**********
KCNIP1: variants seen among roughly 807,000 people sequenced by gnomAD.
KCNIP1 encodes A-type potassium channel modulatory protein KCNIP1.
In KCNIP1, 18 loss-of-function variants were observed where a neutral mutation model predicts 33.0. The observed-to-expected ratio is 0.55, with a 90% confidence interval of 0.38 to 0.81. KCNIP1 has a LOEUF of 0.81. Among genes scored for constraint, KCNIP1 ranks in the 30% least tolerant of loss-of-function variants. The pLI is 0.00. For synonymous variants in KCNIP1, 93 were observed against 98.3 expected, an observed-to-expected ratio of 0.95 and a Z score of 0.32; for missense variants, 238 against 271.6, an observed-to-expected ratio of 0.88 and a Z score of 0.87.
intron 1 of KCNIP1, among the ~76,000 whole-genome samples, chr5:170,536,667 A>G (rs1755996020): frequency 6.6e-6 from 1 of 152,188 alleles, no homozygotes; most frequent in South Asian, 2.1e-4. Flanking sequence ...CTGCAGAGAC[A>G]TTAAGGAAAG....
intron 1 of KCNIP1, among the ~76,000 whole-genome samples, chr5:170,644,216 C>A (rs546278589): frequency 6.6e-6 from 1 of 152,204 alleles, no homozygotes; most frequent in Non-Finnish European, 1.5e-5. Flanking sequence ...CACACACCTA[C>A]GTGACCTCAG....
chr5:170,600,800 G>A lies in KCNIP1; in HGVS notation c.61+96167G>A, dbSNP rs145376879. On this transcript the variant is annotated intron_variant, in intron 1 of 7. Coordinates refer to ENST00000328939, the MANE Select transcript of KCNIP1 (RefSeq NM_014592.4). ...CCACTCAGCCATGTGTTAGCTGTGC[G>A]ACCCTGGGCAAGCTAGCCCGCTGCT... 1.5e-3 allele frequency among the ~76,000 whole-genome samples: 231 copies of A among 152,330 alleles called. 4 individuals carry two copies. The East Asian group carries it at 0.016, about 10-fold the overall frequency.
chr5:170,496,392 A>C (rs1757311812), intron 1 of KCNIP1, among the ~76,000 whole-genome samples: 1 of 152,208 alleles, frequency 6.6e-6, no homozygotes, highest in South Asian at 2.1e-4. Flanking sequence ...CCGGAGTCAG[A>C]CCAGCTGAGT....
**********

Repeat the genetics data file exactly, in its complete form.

KCNIP1: variants seen among roughly 807,000 people sequenced by gnomAD.
KCNIP1 encodes A-type potassium channel modulatory protein KCNIP1.
In KCNIP1, 18 loss-of-function variants were observed where a neutral mutation model predicts 33.0. The observed-to-expected ratio is 0.55, with a 90% confidence interval of 0.38 to 0.81. KCNIP1 has a LOEUF of 0.81. Among genes scored for constraint, KCNIP1 ranks in the 30% least tolerant of loss-of-function variants. The pLI is 0.00. For synonymous variants in KCNIP1, 93 were observed against 98.3 expected, an observed-to-expected ratio of 0.95 and a Z score of 0.32; for missense variants, 238 against 271.6, an observed-to-expected ratio of 0.88 and a Z score of 0.87.
intron 1 of KCNIP1, among the ~76,000 whole-genome samples, chr5:170,536,667 A>G (rs1755996020): frequency 6.6e-6 from 1 of 152,188 alleles, no homozygotes; most frequent in South Asian, 2.1e-4. Flanking sequence ...CTGCAGAGAC[A>G]TTAAGGAAAG....
intron 1 of KCNIP1, among the ~76,000 whole-genome samples, chr5:170,644,216 C>A (rs546278589): frequency 6.6e-6 from 1 of 152,204 alleles, no homozygotes; most frequent in Non-Finnish European, 1.5e-5. Flanking sequence ...CACACACCTA[C>A]GTGACCTCAG....
chr5:170,600,800 G>A lies in KCNIP1; in HGVS notation c.61+96167G>A, dbSNP rs145376879. On this transcript the variant is annotated intron_variant, in intron 1 of 7. Coordinates refer to ENST00000328939, the MANE Select transcript of KCNIP1 (RefSeq NM_014592.4). ...CCACTCAGCCATGTGTTAGCTGTGC[G>A]ACCCTGGGCAAGCTAGCCCGCTGCT... 1.5e-3 allele frequency among the ~76,000 whole-genome samples: 231 copies of A among 152,330 alleles called. 4 individuals carry two copies. The East Asian group carries it at 0.016, about 10-fold the overall frequency.
chr5:170,496,392 A>C (rs1757311812), intron 1 of KCNIP1, among the ~76,000 whole-genome samples: 1 of 152,208 alleles, frequency 6.6e-6, no homozygotes, highest in South Asian at 2.1e-4. Flanking sequence ...CCGGAGTCAG[A>C]CCAGCTGAGT....